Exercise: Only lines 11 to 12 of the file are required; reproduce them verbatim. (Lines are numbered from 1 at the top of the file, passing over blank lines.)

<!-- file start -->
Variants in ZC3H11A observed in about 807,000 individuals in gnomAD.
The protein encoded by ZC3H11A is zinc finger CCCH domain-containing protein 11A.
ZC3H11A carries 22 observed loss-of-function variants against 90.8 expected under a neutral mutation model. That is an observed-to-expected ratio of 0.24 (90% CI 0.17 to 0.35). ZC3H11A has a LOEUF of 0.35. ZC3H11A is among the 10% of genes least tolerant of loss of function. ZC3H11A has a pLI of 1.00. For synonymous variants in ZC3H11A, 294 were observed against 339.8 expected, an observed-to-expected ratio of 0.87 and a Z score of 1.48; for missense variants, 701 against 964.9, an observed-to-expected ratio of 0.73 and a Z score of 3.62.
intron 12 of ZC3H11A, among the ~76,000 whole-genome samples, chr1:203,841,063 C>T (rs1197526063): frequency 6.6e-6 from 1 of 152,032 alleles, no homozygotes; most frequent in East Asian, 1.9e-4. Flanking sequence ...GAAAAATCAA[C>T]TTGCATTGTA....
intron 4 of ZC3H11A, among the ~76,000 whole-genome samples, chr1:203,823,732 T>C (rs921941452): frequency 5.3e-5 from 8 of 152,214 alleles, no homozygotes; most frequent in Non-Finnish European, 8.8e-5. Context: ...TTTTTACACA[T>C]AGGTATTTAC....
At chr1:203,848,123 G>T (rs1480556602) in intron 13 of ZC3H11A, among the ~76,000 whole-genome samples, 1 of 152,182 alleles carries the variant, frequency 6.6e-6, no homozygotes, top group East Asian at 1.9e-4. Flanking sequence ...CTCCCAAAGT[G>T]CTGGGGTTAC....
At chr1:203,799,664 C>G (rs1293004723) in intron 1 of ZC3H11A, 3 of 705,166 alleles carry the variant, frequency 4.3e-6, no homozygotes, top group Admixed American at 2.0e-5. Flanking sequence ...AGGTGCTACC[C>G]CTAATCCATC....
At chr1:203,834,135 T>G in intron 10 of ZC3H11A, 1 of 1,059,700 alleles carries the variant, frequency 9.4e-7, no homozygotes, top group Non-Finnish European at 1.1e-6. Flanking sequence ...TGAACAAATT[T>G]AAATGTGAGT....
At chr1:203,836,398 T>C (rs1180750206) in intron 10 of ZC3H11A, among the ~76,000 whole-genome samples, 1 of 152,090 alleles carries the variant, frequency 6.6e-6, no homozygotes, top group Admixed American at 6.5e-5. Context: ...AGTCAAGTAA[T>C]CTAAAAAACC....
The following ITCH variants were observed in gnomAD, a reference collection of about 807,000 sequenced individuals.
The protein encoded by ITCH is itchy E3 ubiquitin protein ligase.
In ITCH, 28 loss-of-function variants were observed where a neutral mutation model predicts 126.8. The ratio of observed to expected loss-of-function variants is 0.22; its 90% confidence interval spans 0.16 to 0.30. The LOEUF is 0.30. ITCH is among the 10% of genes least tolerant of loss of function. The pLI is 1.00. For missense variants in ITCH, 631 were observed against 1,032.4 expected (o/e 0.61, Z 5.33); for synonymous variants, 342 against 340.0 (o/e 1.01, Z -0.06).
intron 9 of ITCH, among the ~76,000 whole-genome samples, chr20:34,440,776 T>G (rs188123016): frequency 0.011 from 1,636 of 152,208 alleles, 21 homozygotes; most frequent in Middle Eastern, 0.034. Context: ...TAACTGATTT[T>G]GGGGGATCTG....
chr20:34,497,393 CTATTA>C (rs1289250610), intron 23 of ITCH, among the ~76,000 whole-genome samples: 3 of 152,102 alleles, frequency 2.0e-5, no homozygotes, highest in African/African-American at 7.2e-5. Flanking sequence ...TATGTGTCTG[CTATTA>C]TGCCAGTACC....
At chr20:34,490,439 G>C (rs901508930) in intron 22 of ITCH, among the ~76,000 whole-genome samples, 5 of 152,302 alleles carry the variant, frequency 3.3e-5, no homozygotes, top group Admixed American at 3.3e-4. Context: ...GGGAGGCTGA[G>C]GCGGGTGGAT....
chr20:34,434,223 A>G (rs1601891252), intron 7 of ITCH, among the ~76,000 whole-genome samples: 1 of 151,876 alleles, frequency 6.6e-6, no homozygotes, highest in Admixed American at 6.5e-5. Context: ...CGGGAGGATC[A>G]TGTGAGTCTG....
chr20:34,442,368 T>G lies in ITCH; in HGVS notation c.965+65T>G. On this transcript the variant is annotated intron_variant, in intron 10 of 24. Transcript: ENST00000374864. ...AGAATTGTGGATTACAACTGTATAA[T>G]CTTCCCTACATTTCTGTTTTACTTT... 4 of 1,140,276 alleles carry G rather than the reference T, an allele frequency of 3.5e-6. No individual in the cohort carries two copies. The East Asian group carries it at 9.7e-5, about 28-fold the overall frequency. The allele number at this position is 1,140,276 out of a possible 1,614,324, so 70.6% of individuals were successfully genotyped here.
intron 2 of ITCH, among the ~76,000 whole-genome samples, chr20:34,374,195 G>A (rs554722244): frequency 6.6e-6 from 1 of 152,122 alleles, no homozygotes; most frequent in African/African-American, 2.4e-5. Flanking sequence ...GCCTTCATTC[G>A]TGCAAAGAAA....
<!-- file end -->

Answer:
The protein encoded by ITCH is itchy E3 ubiquitin protein ligase.
In ITCH, 28 loss-of-function variants were observed where a neutral mutation model predicts 126.8. The ratio of observed to expected loss-of-function variants is 0.22; its 90% confidence interval spans 0.16 to 0.30. The LOEUF is 0.30. ITCH is among the 10% of genes least tolerant of loss of function. The pLI is 1.00. For missense variants in ITCH, 631 were observed against 1,032.4 expected (o/e 0.61, Z 5.33); for synonymous variants, 342 against 340.0 (o/e 1.01, Z -0.06).